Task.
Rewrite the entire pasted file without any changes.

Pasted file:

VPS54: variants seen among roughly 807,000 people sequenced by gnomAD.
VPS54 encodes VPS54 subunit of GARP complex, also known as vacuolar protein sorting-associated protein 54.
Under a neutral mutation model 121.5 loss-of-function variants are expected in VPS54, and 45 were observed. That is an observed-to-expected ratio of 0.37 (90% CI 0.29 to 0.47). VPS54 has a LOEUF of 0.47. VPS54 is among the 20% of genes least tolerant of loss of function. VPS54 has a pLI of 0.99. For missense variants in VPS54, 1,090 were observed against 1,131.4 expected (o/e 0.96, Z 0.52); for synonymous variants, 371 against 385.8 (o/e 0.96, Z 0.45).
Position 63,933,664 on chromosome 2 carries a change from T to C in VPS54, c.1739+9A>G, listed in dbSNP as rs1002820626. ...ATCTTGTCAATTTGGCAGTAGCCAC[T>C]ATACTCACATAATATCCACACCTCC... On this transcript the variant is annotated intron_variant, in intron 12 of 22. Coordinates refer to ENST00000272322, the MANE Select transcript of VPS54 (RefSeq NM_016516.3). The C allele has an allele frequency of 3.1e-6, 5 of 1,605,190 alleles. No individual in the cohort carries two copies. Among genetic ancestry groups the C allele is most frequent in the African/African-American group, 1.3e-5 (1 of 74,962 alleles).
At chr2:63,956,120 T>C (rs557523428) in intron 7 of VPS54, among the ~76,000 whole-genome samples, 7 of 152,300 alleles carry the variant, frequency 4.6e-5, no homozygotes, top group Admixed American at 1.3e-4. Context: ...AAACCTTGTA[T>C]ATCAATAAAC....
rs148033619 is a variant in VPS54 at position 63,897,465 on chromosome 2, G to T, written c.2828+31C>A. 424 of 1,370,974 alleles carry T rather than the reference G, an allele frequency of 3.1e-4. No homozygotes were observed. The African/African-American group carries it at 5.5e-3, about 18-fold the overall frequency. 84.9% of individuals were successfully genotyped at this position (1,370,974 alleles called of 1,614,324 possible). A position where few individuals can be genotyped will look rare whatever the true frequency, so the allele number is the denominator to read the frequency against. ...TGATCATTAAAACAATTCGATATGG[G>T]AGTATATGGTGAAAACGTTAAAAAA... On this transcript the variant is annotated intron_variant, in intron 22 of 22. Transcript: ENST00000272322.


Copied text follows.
VPS54: variants seen among roughly 807,000 people sequenced by gnomAD.
VPS54 encodes VPS54 subunit of GARP complex, also known as vacuolar protein sorting-associated protein 54.
Under a neutral mutation model 121.5 loss-of-function variants are expected in VPS54, and 45 were observed. That is an observed-to-expected ratio of 0.37 (90% CI 0.29 to 0.47). VPS54 has a LOEUF of 0.47. VPS54 is among the 20% of genes least tolerant of loss of function. VPS54 has a pLI of 0.99. For missense variants in VPS54, 1,090 were observed against 1,131.4 expected (o/e 0.96, Z 0.52); for synonymous variants, 371 against 385.8 (o/e 0.96, Z 0.45).
Position 63,933,664 on chromosome 2 carries a change from T to C in VPS54, c.1739+9A>G, listed in dbSNP as rs1002820626. ...ATCTTGTCAATTTGGCAGTAGCCAC[T>C]ATACTCACATAATATCCACACCTCC... On this transcript the variant is annotated intron_variant, in intron 12 of 22. Coordinates refer to ENST00000272322, the MANE Select transcript of VPS54 (RefSeq NM_016516.3). The C allele has an allele frequency of 3.1e-6, 5 of 1,605,190 alleles. No individual in the cohort carries two copies. Among genetic ancestry groups the C allele is most frequent in the African/African-American group, 1.3e-5 (1 of 74,962 alleles).
At chr2:63,956,120 T>C (rs557523428) in intron 7 of VPS54, among the ~76,000 whole-genome samples, 7 of 152,300 alleles carry the variant, frequency 4.6e-5, no homozygotes, top group Admixed American at 1.3e-4. Context: ...AAACCTTGTA[T>C]ATCAATAAAC....
rs148033619 is a variant in VPS54 at position 63,897,465 on chromosome 2, G to T, written c.2828+31C>A. 424 of 1,370,974 alleles carry T rather than the reference G, an allele frequency of 3.1e-4. No homozygotes were observed. The African/African-American group carries it at 5.5e-3, about 18-fold the overall frequency. 84.9% of individuals were successfully genotyped at this position (1,370,974 alleles called of 1,614,324 possible). A position where few individuals can be genotyped will look rare whatever the true frequency, so the allele number is the denominator to read the frequency against. ...TGATCATTAAAACAATTCGATATGG[G>T]AGTATATGGTGAAAACGTTAAAAAA... On this transcript the variant is annotated intron_variant, in intron 22 of 22. Transcript: ENST00000272322.